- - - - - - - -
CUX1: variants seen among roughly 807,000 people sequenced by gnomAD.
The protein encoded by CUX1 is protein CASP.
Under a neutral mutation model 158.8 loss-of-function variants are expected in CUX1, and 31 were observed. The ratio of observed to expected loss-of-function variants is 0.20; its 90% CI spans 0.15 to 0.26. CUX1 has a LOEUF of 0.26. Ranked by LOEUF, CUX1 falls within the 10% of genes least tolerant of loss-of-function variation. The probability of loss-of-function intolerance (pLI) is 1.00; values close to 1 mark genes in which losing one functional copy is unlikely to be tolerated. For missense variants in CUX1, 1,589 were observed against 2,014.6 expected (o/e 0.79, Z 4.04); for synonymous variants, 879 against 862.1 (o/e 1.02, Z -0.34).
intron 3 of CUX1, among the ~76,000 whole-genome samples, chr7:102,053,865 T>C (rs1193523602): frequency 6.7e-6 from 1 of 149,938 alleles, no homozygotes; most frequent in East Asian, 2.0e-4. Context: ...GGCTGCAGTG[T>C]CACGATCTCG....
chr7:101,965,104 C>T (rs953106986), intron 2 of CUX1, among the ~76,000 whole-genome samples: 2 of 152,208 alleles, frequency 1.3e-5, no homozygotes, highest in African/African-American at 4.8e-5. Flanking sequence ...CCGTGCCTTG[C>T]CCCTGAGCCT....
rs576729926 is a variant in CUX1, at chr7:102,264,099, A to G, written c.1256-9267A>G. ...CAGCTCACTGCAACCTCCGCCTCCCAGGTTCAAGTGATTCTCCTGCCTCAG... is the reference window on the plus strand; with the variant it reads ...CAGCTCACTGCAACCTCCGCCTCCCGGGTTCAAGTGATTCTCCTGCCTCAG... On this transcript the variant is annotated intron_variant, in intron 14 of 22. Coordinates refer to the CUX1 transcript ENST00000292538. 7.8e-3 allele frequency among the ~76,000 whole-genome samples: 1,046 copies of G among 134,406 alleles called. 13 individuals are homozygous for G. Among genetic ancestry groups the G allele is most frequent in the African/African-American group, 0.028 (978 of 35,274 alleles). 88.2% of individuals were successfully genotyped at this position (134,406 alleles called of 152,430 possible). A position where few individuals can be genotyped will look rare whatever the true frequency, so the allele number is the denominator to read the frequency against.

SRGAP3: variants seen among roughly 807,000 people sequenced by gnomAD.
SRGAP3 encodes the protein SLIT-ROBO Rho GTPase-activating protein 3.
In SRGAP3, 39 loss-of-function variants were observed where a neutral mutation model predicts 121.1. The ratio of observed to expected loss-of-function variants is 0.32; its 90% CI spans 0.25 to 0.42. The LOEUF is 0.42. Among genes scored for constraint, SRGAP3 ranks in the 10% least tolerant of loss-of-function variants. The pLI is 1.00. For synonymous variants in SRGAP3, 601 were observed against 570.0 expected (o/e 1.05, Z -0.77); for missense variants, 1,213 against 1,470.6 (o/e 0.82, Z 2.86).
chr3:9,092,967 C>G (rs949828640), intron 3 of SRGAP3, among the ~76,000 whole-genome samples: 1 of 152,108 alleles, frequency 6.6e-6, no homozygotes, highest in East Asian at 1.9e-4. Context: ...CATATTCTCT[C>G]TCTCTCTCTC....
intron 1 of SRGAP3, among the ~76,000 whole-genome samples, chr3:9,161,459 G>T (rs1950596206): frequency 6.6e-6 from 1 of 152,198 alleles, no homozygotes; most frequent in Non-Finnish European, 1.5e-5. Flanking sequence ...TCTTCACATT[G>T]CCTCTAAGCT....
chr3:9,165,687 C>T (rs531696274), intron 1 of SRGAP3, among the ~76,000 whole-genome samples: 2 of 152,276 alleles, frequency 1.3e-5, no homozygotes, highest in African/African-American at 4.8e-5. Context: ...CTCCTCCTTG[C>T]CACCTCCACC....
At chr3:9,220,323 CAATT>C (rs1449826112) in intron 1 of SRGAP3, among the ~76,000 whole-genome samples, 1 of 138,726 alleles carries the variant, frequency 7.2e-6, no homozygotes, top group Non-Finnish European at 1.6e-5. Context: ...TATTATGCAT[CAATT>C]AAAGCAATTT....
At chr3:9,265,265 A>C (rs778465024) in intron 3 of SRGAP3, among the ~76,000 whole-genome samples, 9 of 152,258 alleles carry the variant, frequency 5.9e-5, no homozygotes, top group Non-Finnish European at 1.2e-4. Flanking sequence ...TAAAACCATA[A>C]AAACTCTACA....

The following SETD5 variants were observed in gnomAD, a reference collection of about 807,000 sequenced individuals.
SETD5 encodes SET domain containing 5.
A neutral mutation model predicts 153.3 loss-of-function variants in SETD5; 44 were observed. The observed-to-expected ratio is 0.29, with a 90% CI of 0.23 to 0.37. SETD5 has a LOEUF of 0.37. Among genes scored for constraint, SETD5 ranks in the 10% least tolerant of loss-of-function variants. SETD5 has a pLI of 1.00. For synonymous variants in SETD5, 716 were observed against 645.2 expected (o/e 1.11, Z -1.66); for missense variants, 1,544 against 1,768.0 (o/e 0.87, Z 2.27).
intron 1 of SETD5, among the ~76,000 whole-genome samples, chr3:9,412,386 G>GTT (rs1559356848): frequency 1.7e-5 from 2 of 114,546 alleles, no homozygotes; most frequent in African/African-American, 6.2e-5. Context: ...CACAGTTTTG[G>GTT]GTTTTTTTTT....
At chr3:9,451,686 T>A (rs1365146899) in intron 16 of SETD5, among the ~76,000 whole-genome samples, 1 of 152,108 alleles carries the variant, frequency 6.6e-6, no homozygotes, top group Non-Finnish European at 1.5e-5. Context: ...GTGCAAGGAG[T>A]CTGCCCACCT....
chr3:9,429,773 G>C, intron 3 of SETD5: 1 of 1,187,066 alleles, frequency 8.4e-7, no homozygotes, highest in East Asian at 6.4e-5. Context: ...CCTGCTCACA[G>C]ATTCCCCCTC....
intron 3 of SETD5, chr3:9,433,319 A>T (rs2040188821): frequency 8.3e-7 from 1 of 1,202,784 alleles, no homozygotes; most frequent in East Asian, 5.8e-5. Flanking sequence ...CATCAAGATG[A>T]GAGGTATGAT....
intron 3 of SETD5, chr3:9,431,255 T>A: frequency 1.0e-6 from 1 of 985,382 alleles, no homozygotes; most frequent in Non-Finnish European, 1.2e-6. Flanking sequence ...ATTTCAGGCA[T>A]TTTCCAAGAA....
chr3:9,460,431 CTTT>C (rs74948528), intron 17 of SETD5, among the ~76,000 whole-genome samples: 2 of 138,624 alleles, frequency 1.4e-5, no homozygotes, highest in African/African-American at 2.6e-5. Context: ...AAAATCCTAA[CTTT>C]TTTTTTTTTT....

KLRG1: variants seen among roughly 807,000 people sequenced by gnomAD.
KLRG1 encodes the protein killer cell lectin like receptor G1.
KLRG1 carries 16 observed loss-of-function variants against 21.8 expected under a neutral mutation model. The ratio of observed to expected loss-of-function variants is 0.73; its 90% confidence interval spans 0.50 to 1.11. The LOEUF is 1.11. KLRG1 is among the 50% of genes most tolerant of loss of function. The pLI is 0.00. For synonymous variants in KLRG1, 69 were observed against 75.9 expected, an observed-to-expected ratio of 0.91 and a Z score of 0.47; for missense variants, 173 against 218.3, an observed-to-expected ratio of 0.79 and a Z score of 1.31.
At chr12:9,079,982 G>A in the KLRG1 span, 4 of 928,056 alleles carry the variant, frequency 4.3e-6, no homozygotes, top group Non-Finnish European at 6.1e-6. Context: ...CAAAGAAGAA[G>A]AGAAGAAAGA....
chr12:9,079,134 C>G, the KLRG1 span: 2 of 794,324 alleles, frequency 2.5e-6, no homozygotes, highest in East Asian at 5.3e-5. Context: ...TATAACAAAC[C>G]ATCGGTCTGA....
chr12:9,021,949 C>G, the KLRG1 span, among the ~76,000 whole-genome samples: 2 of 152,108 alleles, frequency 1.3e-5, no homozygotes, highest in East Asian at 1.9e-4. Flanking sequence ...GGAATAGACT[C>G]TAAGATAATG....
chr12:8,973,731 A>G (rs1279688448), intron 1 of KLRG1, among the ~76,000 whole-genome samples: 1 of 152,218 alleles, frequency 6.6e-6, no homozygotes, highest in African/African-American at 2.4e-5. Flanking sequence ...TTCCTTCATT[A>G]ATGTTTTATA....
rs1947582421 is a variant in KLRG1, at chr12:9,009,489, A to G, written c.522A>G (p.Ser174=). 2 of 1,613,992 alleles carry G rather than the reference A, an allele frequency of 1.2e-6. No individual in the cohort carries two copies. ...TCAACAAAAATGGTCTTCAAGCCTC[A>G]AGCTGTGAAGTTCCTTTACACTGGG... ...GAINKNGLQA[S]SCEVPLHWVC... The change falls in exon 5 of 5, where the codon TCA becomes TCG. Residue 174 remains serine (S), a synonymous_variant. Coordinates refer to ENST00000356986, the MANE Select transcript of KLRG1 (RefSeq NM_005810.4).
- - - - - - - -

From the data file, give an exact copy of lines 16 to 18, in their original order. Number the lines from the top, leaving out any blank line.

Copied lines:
SETD5 encodes SET domain containing 5.
A neutral mutation model predicts 153.3 loss-of-function variants in SETD5; 44 were observed. The observed-to-expected ratio is 0.29, with a 90% CI of 0.23 to 0.37. SETD5 has a LOEUF of 0.37. Among genes scored for constraint, SETD5 ranks in the 10% least tolerant of loss-of-function variants. SETD5 has a pLI of 1.00. For synonymous variants in SETD5, 716 were observed against 645.2 expected (o/e 1.11, Z -1.66); for missense variants, 1,544 against 1,768.0 (o/e 0.87, Z 2.27).
intron 1 of SETD5, among the ~76,000 whole-genome samples, chr3:9,412,386 G>GTT (rs1559356848): frequency 1.7e-5 from 2 of 114,546 alleles, no homozygotes; most frequent in African/African-American, 6.2e-5. Context: ...CACAGTTTTG[G>GTT]GTTTTTTTTT....